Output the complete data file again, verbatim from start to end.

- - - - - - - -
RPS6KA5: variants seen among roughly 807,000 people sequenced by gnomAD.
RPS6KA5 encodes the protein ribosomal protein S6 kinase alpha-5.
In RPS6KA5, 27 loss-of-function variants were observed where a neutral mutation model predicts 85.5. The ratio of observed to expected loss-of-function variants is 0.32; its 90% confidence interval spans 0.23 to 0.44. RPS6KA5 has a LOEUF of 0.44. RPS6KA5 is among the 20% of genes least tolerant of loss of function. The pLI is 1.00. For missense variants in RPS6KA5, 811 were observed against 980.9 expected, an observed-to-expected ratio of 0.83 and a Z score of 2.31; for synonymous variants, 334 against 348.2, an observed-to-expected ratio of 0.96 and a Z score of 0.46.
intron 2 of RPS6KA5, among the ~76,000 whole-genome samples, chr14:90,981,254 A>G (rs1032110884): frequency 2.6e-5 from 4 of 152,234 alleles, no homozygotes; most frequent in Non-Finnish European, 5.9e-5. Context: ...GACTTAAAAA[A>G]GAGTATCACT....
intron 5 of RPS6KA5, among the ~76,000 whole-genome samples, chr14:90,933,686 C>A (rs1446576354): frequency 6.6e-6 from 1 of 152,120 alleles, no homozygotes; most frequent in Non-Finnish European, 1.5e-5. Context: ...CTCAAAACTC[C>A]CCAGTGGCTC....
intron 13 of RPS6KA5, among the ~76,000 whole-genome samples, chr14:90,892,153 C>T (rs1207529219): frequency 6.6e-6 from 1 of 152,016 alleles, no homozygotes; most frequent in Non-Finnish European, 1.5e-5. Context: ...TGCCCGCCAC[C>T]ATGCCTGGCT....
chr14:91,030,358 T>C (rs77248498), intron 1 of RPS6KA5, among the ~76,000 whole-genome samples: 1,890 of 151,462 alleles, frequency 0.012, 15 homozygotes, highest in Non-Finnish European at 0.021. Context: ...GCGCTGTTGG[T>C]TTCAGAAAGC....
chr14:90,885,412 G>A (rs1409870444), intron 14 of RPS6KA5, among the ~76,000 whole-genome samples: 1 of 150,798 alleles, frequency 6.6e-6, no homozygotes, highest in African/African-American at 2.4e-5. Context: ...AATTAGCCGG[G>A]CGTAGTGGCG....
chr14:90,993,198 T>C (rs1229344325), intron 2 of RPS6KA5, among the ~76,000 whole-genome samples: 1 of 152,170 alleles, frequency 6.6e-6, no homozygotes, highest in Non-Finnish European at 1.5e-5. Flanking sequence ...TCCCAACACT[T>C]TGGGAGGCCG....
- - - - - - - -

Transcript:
RPS6KA5: variants seen among roughly 807,000 people sequenced by gnomAD.
RPS6KA5 encodes the protein ribosomal protein S6 kinase alpha-5.
In RPS6KA5, 27 loss-of-function variants were observed where a neutral mutation model predicts 85.5. The ratio of observed to expected loss-of-function variants is 0.32; its 90% confidence interval spans 0.23 to 0.44. RPS6KA5 has a LOEUF of 0.44. RPS6KA5 is among the 20% of genes least tolerant of loss of function. The pLI is 1.00. For missense variants in RPS6KA5, 811 were observed against 980.9 expected, an observed-to-expected ratio of 0.83 and a Z score of 2.31; for synonymous variants, 334 against 348.2, an observed-to-expected ratio of 0.96 and a Z score of 0.46.
intron 2 of RPS6KA5, among the ~76,000 whole-genome samples, chr14:90,981,254 A>G (rs1032110884): frequency 2.6e-5 from 4 of 152,234 alleles, no homozygotes; most frequent in Non-Finnish European, 5.9e-5. Context: ...GACTTAAAAA[A>G]GAGTATCACT....
intron 5 of RPS6KA5, among the ~76,000 whole-genome samples, chr14:90,933,686 C>A (rs1446576354): frequency 6.6e-6 from 1 of 152,120 alleles, no homozygotes; most frequent in Non-Finnish European, 1.5e-5. Context: ...CTCAAAACTC[C>A]CCAGTGGCTC....
intron 13 of RPS6KA5, among the ~76,000 whole-genome samples, chr14:90,892,153 C>T (rs1207529219): frequency 6.6e-6 from 1 of 152,016 alleles, no homozygotes; most frequent in Non-Finnish European, 1.5e-5. Context: ...TGCCCGCCAC[C>T]ATGCCTGGCT....
chr14:91,030,358 T>C (rs77248498), intron 1 of RPS6KA5, among the ~76,000 whole-genome samples: 1,890 of 151,462 alleles, frequency 0.012, 15 homozygotes, highest in Non-Finnish European at 0.021. Context: ...GCGCTGTTGG[T>C]TTCAGAAAGC....
chr14:90,885,412 G>A (rs1409870444), intron 14 of RPS6KA5, among the ~76,000 whole-genome samples: 1 of 150,798 alleles, frequency 6.6e-6, no homozygotes, highest in African/African-American at 2.4e-5. Context: ...AATTAGCCGG[G>A]CGTAGTGGCG....
chr14:90,993,198 T>C (rs1229344325), intron 2 of RPS6KA5, among the ~76,000 whole-genome samples: 1 of 152,170 alleles, frequency 6.6e-6, no homozygotes, highest in Non-Finnish European at 1.5e-5. Flanking sequence ...TCCCAACACT[T>C]TGGGAGGCCG....